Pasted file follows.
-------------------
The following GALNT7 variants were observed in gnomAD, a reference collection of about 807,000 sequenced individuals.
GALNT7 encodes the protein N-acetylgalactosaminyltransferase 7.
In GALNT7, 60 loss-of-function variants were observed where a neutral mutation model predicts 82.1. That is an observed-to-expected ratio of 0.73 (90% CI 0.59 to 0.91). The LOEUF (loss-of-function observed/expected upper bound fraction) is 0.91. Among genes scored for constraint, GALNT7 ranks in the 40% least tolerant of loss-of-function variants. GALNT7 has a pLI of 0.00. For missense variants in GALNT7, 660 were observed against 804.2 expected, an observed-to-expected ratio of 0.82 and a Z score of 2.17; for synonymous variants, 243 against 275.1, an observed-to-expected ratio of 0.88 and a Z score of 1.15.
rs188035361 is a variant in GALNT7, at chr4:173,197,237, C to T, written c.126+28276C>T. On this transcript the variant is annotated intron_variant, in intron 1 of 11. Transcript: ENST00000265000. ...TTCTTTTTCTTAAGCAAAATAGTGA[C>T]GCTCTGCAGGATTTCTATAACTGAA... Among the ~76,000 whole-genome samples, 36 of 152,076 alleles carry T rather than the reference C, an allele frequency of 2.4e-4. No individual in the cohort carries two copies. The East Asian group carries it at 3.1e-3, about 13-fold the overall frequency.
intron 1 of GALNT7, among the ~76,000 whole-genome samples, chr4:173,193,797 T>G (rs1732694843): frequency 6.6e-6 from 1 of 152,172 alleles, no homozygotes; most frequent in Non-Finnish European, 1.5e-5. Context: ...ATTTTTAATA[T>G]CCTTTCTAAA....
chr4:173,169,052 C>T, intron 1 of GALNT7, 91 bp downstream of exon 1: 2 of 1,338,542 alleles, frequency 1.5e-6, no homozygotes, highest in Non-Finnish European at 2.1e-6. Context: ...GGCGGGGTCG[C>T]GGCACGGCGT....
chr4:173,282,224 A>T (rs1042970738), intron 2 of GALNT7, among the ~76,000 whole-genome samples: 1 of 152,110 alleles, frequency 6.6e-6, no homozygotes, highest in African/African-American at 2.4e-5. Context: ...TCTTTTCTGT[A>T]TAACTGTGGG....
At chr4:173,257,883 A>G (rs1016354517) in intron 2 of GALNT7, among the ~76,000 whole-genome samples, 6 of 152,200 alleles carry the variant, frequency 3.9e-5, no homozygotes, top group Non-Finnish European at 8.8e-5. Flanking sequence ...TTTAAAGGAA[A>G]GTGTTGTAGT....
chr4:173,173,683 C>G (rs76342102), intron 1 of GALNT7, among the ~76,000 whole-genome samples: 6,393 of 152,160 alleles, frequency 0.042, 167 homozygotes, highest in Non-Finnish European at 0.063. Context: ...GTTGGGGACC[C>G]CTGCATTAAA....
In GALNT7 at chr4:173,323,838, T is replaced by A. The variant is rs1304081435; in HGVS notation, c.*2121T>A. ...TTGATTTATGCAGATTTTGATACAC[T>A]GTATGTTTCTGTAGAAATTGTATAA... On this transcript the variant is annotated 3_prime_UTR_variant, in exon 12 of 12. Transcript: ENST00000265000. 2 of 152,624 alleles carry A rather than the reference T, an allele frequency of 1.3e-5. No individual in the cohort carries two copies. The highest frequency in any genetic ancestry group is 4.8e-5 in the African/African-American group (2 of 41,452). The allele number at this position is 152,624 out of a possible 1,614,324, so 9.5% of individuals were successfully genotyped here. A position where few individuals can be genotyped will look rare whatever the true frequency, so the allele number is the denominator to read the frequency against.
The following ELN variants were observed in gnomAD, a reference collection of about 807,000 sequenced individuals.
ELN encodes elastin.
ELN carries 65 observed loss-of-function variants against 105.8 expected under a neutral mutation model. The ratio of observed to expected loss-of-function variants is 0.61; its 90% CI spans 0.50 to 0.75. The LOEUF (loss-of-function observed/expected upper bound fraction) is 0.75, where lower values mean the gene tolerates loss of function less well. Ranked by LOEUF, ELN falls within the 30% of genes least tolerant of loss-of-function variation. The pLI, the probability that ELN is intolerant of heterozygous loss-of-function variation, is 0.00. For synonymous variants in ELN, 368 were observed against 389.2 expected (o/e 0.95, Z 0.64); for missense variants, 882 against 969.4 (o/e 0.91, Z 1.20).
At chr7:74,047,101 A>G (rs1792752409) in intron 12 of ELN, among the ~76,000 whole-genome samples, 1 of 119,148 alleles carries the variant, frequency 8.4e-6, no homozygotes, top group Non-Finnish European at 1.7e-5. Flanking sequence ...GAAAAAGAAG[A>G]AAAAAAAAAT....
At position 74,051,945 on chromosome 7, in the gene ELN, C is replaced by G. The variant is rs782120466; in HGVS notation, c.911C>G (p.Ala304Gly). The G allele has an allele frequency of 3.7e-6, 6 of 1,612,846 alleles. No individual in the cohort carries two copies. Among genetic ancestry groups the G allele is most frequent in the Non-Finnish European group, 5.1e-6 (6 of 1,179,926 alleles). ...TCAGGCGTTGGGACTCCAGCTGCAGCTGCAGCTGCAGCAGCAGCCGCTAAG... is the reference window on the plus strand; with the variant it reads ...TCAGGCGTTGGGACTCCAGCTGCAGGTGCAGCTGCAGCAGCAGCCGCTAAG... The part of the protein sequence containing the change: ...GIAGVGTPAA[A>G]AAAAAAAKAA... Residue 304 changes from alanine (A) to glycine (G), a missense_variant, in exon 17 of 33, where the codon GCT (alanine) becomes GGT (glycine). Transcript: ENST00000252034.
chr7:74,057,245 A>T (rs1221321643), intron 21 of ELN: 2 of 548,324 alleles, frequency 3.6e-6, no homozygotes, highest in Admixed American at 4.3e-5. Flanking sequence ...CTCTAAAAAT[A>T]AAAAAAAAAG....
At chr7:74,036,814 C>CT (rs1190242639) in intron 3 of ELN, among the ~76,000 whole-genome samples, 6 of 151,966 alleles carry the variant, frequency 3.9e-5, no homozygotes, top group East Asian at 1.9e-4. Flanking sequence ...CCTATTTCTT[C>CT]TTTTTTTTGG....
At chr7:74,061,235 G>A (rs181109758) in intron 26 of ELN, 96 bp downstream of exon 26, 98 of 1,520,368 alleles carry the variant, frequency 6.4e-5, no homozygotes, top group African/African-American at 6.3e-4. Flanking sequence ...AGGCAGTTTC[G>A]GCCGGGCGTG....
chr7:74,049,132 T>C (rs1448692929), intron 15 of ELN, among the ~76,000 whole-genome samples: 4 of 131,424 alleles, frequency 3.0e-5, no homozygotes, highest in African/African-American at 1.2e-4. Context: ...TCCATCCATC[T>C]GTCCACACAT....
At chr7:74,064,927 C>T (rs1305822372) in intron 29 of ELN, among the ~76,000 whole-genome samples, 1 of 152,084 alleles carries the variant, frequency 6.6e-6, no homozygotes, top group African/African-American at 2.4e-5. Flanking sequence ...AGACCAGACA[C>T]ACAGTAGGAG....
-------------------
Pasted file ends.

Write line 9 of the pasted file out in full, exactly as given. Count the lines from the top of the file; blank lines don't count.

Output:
chr4:173,173,683 C>G (rs76342102), intron 1 of GALNT7, among the ~76,000 whole-genome samples: 6,393 of 152,160 alleles, frequency 0.042, 167 homozygotes, highest in Non-Finnish European at 0.063. Context: ...GTTGGGGACC[C>G]CTGCATTAAA....